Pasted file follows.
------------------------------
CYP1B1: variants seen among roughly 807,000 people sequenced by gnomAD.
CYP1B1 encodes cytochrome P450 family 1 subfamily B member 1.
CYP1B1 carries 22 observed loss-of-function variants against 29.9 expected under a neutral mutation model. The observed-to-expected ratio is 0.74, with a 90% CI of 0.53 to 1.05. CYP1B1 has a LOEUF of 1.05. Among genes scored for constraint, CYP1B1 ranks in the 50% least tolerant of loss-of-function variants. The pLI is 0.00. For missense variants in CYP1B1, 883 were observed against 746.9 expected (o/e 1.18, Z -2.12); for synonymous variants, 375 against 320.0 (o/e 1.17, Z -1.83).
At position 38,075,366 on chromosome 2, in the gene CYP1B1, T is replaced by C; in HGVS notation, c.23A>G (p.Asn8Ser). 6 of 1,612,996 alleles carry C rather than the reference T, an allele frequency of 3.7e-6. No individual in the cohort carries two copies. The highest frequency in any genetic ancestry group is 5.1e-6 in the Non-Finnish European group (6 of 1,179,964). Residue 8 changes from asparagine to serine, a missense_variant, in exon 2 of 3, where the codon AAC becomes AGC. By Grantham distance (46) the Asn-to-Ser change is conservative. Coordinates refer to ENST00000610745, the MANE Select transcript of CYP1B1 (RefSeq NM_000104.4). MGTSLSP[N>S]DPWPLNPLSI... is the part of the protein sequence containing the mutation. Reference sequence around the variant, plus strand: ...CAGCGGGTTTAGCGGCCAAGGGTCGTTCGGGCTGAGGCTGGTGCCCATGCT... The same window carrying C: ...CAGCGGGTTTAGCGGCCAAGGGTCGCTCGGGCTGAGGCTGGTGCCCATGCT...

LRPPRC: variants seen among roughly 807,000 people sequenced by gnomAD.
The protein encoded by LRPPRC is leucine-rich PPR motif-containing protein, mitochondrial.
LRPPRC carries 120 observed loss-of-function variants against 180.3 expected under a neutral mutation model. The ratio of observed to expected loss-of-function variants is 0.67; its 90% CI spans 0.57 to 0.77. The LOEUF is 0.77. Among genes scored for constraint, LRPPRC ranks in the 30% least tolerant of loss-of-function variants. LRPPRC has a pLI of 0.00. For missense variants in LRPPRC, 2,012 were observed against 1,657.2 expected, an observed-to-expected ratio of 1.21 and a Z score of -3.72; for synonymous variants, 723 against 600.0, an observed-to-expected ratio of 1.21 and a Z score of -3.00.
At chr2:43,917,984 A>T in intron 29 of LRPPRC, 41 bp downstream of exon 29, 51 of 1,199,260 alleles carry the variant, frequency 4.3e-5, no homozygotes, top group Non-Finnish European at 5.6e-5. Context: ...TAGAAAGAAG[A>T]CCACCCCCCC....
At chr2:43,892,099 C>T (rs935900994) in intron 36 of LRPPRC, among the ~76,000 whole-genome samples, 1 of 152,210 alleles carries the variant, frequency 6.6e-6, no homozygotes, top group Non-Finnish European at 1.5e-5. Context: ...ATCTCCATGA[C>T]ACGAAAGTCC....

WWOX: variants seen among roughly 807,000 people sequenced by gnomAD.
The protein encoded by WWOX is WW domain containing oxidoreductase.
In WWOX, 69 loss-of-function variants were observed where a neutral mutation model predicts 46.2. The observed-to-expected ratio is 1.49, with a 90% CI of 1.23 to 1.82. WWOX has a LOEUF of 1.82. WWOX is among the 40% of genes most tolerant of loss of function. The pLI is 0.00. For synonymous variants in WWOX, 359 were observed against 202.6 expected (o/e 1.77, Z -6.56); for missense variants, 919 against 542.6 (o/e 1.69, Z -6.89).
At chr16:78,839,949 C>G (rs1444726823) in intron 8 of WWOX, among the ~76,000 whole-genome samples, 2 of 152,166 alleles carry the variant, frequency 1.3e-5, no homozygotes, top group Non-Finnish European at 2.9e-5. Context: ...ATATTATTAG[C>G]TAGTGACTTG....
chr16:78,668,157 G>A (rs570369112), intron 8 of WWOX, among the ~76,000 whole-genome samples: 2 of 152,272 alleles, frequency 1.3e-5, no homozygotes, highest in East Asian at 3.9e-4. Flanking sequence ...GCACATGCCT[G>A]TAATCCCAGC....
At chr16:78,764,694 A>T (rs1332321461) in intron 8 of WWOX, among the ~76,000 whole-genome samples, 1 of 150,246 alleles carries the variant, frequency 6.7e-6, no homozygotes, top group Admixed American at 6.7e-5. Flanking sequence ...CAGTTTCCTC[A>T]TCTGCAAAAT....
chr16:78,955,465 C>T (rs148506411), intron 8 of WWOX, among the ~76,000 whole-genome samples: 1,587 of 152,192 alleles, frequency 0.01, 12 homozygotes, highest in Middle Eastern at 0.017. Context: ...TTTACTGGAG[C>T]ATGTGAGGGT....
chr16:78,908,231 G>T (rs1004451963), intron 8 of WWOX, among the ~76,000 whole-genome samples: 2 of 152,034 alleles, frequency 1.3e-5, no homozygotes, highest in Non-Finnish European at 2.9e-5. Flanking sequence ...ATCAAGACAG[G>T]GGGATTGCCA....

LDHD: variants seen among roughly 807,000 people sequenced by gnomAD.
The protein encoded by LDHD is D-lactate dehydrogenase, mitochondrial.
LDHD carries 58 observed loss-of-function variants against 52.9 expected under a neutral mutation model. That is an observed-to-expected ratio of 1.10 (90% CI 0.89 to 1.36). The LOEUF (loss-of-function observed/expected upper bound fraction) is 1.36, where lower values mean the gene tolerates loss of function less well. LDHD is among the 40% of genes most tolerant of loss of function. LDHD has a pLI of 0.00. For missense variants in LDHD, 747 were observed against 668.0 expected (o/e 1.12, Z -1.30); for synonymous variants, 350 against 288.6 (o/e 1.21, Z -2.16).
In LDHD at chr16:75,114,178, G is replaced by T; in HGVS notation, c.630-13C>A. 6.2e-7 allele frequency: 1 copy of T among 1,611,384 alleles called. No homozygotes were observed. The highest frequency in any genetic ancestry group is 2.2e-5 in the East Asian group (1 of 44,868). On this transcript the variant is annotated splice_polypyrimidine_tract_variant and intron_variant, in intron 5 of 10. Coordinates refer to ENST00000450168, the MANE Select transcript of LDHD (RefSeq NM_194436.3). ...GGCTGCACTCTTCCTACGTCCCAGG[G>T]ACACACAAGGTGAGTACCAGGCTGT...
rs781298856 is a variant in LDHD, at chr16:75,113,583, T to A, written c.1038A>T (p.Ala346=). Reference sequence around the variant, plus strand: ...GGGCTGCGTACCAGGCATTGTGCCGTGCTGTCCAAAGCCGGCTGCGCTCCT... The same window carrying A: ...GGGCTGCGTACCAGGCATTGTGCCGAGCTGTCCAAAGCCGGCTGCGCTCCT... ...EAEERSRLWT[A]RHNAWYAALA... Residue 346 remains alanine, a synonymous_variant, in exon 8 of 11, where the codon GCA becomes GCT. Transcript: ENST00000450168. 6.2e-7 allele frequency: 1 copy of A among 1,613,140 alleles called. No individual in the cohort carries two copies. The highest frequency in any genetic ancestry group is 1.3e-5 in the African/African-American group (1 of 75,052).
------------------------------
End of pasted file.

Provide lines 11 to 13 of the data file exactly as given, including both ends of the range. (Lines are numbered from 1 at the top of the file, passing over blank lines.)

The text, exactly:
The protein encoded by WWOX is WW domain containing oxidoreductase.
In WWOX, 69 loss-of-function variants were observed where a neutral mutation model predicts 46.2. The observed-to-expected ratio is 1.49, with a 90% CI of 1.23 to 1.82. WWOX has a LOEUF of 1.82. WWOX is among the 40% of genes most tolerant of loss of function. The pLI is 0.00. For synonymous variants in WWOX, 359 were observed against 202.6 expected (o/e 1.77, Z -6.56); for missense variants, 919 against 542.6 (o/e 1.69, Z -6.89).
At chr16:78,839,949 C>G (rs1444726823) in intron 8 of WWOX, among the ~76,000 whole-genome samples, 2 of 152,166 alleles carry the variant, frequency 1.3e-5, no homozygotes, top group Non-Finnish European at 2.9e-5. Context: ...ATATTATTAG[C>G]TAGTGACTTG....